EF Skills for Remote Learning and WFH

By Lisa Shanken | Healthy Living

EF Skills for Remote Learning and WFH

Last month we focused on being able to identify executive functioning (EF) skill deficits and some tips to overcome them (which you can!). I thought it would be apropos to now focus on how these EF skills can be implemented to improve both remote learning for kids/teens and working from home (WFH) for adults. Let's start the new year off with learning new habits for success!

What Are EF Skills?

Just as a quick review, the 3 main categories of EF skills (which can be a struggle for kids, teens, and adults) are:

  1. ) Working memory – The ability to retain information and utilize it and different times.
  2. ) Inhibitory Control - The ability to control impulses, regulate emotions, manage outside distractions, and resists temptations.
  3. ) Cognitive Flexibility – The ability to go with the flow of changing situations, rules, and demands.

EF Tips For Remote Learning

Let's start with school aged kids, and specific tools they can use to make remote learning more manageable. For many students with learning disabilities and/or mental health struggles and mood disorders, EF skills can be extremely challenging. A school curriculum becomes virtually (no pun intended lol) irrelevant if the student can not stay on task, is easily distracted, and gets frustrated by these things. Helpful tools include:

  1. ) Organize each day with consistent structure. You can do this by simply setting up a white board calendar where the student can write specific times for each class or assignment plus a lunch/recess time built in.
  2. ) Create an organized work space that feels manageable. Set up a labeled storage bin for school supplies, another for each subject (depending on your child's age), and another for homework. If you can also set up a desk in this space and put a white board nearby, this dedicated space will help the student get less distracted by outside sources.
  3. ) Allow for time between tasks, aka “brain breaks.” This allows the student to process starting>working>completing a task before moving onto a new one. It's a good idea to include some sort of movement, even if just for a couple of minutes, during the brain break to reset, such as 3 sets of 20 jumping jacks or some stretching.
  4. ) Ask teachers to try and hold your student accountable, which may be more successful than you trying to hold your own child accountable. For example, maybe the teacher can do a morning and after lunch check-in each day to make sure your student's work space stays tidy and organized or to go over the student's planned assignments for that day.
  5. ) Consider hiring an EF coach for your student to learn EF skills and gain self-confidence.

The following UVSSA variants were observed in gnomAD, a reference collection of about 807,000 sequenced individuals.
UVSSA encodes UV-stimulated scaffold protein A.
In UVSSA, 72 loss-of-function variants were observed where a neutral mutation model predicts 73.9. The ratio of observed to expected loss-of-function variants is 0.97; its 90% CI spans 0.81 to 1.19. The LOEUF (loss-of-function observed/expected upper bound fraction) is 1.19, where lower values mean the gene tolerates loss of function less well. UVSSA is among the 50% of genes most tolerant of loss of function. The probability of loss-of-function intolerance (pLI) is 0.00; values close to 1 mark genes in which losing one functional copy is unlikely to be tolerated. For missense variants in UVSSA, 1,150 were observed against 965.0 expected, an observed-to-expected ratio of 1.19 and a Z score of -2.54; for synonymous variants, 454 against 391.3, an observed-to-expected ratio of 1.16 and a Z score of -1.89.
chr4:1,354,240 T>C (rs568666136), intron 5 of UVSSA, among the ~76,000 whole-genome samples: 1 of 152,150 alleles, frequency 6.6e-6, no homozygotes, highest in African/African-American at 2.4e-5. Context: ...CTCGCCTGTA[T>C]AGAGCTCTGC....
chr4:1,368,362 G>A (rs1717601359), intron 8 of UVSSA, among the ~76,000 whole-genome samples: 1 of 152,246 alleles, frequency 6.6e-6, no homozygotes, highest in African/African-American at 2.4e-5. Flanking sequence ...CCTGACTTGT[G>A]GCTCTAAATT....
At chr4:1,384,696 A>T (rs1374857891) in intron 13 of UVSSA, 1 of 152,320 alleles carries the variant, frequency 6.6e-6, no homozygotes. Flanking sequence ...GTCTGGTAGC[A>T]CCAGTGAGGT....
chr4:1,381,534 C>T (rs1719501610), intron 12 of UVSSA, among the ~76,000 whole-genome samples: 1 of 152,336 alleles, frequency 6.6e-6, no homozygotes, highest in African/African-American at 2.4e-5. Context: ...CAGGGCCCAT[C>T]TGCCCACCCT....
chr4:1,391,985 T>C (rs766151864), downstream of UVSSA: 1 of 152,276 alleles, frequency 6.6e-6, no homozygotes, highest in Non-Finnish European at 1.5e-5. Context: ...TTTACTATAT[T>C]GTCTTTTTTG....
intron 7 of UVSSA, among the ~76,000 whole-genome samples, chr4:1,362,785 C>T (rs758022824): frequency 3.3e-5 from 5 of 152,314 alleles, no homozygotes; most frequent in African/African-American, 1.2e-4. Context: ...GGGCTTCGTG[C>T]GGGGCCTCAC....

EF Skills for WFH

EF skills adults can implement for WFH efficiency differ slightly from the student recommendations, but they are strategies that mirror the tips for students. They just relate better to work than school.

  1. ) Create a “work” mindset so that you can feel just as productive at home as you would in an office. This includes getting dressed in work clothes, setting a morning alarm the same time you would as if commuting to the office, and following the same eating schedule you would at an office. All of this will help create structure to your work day.
  2. ) Identify your distractions. Are you going into the kitchen too often to snack, are you clicking over to online shopping sites too often, do you find yourself giving into temptation to turning on the TV too often? Write these distractions out so you are more aware of them getting in your way. Then set an alarm so that you work straight for 50 minutes, and then set another alarm for 10 minutes where you allow yourself a short break to indulge in these distractions. Keep repeating this process every hour, and you will have plenty of productive time.
  3. ) Create consistent structure to your work day by planning it out the night before. The last task of your work day should be planning the following work day (and write it down), including the tasks/goals you intend to finish, a lunch and/or exercise break, phone calls, and anything else you need to prioritize.
  4. ) Consider hiring an EF coach, especially one that has some experience in business and/or work, to help you stay focused and accountable.

Getting The Help You Need To Succeed

Here at Tri-Wellness we want to help you conquer EF struggles by teaching skills that will be customized to your situation and last a lifetime. EF skills are a critical part of managing daily and long-term goals, and they are necessary at all ages. We work with middle school, high school, and college students as well as adults. Give yourself or your child the gift that will make your feel more self-confident and more productive.